Podcasts take this mentality and turn it on its head. We’re going to talk for as long as we need to about things of substance, and what we say doesn’t matter as long as we’re being interesting. Seacrest took what was probably 5 seconds of content and stretched it to over an hour’s worth of radio. Given the vast amount of subject matter covered in one Bill Simmons’s two hour chats with Chuck Klosterman, that’s what, like 9 years worth of radio? Radio, by its nature, is the most polarizing medium. It’s either the most inviting form or the most antiseptic. Podcasts have invited listeners in.

In Marc Maron’s outstanding “WTF” program, Marc offers some of the most naked self-analysis anywhere in the media spectrum. He’s been candid about his problems with drug abuse, his neuroses, his shitty behavior and resentment to other comics, and his personal relationships. And then we get to the interview where he and his guests talk very intimately about their journeys through the world of comedy and their trek through the difficulty that is life experience. Listening to WTF is often very raw (as it was when he interviewed comedy pariahs like Carlos Mencia and Dane Cook, or old friends like Louis CK), but always rewarding. And because Marc is so personal, as listeners, we’re right there in the room with him. People often come up to him at shows and talk to him like they’re old friends. I’d probably be tempted to do the same if I ever met him.

The reason is that Maron describes WTF as his own personal journey toward becoming a better a person. He notes that before he began interviewing people in his garage for a living, he rarely sat down and had a long conversation with someone where you really listen, and really share yourself with the other person. This format allows him to re-examine his relationships with his friends and colleagues, and as a result, Maron ends up apologizing for a lot his misguided and petulant behavior. It’s a fascinating journey.

Think about your own lives. How often do you really do this? Anyone who knows me knows that my favorite thing in the world is to sit on a porch or a patio with beers and bullshit an entire afternoon away with close friends, but even I don’t really know most of the people in my life. Opportunities to do this become rarer and rarer. Real life impinges, and there’s always so much shit to do. Conversations like these are where real friendship happens. And when it happens again, friendship grows. And when it happens again, friendship is nourished.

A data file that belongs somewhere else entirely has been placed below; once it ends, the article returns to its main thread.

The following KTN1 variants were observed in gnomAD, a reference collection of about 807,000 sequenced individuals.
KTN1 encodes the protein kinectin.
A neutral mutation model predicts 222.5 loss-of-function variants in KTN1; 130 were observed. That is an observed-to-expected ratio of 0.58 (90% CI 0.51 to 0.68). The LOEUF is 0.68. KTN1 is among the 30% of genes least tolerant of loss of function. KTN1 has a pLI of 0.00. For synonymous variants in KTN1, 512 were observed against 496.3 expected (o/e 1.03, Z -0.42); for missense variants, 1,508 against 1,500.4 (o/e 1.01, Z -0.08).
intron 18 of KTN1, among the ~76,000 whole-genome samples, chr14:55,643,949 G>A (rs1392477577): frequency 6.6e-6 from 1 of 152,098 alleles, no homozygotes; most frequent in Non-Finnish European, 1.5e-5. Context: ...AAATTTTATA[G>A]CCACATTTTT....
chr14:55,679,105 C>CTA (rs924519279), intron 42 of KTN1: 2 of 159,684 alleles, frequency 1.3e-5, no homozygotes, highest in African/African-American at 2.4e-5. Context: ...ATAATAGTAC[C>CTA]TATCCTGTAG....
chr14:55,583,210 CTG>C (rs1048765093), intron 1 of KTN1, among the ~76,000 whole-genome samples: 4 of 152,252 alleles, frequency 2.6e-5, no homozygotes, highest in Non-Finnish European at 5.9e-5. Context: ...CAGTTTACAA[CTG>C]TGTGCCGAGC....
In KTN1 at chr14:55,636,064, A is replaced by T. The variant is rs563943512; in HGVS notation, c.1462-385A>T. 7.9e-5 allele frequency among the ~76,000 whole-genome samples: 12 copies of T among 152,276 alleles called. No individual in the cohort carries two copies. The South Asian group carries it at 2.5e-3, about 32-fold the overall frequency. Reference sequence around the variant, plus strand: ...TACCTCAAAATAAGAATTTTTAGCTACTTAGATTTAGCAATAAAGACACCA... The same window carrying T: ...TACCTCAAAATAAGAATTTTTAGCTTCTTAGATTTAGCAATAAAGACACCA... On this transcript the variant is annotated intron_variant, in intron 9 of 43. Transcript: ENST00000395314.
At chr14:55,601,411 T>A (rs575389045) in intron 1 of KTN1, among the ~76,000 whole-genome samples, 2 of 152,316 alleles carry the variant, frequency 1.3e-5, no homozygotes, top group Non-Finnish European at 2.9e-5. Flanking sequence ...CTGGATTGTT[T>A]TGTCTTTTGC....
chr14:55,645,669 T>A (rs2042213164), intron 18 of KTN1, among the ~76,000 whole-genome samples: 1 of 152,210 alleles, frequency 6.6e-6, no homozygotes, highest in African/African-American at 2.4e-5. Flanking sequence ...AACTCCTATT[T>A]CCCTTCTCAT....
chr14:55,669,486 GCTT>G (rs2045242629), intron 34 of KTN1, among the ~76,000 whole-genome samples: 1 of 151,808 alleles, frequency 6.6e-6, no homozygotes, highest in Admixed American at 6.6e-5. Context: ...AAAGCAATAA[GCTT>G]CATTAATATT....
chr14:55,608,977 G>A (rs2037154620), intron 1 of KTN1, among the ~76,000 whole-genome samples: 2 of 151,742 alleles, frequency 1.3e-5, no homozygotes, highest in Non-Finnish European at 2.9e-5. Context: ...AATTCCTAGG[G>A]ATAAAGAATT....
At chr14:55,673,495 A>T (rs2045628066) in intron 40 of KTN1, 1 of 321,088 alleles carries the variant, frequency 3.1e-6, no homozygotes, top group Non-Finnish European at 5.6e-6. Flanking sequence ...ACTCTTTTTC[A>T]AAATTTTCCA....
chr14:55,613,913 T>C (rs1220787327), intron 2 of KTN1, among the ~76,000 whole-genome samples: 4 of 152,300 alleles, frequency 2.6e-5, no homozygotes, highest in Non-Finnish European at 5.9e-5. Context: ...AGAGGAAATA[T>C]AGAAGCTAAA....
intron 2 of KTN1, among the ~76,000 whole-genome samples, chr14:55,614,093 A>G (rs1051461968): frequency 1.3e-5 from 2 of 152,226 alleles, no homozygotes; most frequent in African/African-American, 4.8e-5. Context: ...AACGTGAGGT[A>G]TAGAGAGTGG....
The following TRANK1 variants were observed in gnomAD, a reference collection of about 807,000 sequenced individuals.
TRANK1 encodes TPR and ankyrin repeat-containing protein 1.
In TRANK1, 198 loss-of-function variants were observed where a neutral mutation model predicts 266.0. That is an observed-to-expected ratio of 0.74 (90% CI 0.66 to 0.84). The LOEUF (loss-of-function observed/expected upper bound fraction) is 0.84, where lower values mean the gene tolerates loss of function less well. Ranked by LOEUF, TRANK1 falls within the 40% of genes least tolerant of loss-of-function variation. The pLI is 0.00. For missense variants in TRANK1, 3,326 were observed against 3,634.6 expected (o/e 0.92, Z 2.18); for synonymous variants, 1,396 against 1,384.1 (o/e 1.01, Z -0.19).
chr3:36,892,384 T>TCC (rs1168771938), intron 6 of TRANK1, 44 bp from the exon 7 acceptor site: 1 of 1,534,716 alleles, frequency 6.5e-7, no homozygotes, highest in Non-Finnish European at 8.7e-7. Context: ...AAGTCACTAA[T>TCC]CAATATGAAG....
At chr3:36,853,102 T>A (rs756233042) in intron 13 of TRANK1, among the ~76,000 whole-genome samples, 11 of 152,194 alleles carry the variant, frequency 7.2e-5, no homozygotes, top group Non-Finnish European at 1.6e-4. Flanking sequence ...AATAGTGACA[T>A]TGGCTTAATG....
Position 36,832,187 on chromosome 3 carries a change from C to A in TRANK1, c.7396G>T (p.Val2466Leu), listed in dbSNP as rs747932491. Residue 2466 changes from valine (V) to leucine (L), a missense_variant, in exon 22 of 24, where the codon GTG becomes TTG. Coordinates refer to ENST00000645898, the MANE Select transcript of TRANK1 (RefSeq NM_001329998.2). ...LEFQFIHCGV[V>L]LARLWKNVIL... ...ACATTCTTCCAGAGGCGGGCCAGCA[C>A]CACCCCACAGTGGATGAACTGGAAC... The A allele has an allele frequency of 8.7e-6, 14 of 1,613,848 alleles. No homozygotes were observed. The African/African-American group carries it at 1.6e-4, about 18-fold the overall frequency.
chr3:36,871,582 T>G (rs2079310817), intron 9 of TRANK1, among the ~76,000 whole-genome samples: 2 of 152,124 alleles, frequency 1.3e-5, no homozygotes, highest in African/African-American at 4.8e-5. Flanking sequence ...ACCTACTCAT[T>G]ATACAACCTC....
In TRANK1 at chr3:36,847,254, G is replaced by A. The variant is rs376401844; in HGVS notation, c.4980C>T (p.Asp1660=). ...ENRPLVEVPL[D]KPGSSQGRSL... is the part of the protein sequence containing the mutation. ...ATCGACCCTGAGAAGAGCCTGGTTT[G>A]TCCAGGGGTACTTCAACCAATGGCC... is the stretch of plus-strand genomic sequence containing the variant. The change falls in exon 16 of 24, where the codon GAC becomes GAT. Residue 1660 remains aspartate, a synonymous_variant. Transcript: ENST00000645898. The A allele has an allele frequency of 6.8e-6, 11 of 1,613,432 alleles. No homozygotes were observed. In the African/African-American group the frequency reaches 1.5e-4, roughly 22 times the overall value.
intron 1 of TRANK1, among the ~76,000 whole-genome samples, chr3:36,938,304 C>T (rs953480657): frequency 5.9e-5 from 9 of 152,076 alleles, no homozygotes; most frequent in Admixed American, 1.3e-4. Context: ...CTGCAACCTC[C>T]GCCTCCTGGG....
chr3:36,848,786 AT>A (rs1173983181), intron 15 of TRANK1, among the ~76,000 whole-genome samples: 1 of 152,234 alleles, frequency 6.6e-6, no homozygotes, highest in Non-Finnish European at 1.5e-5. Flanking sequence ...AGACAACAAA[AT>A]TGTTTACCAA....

I can thank Adam Carolla for my entree into this format. When Adam Carolla got laid off from CBS Radio, he got a severance package with a no-compete clause that prevented him from working elsewhere. Since Carolla is a born talker, he simply took his talents to the internet and started talking to interesting people for free. I immediately fell in love with this show as I gained insight into people like Dicky Barrett, Seth MacFarlane, Christoph Waltz (Hans Landa from Inglourious Basterds), and a ton of others. He modeled his show after Charlie Rose, which really gave his guests room to share themselves. I never would have guessed how interesting MMA referee Big John McCarthy is based on how boring Senor Limon told me his blog was, but his story was fantastic.

This is what had been missing from the media landscape. Sure, Playboy and GQ often had good long form interviews, but when translated to text, a lot of the intimacy of a good, meandering conversation gets lost. In the case of a podcast, it’s right there. And as a result of that, you’re right there. Television is the worst about this in terms of traditional media as segments get shorter and shorter. And then the internet generally somehow finds 5 additional layers of awful to rest at in terms of substantial content.

I hardly go anywhere or do anything without listening to a podcast anymore. My new job has me taking little day trips all over the state, and since my old-as-fuck car doesn’t have an MP3 port, I burn podcasts onto CDs and listen to them wherever I go. I listen to my iPod on airplanes. I taped off our bathroom so we could paint it the other day, and I had Marc Maron talking to Ray Romano to keep me company.

The podcast is the antidote to an increasingly fractured media landscape. Facebook posts are limited to 420 characters. Twitter is 140 characters. TV shows play out in short webisodes on the Internet. We don’t have space to connect in any meaningful way. Our technology almost outpaces us.

That’s why it’s so refreshing to sit down with two people who seem to have all the time in the world and just get to know each other. It’s like sitting on the patio with the most interesting people possible. We connect. We breathe. We explore. And it’s all at the tip of our fingers housed in technology we couldn’t even dream of a mere 15 years ago. Intimacy housed in a tiny technological marvel.

That’s the simple majesty of the podcast.

edagger@crujonessociety.com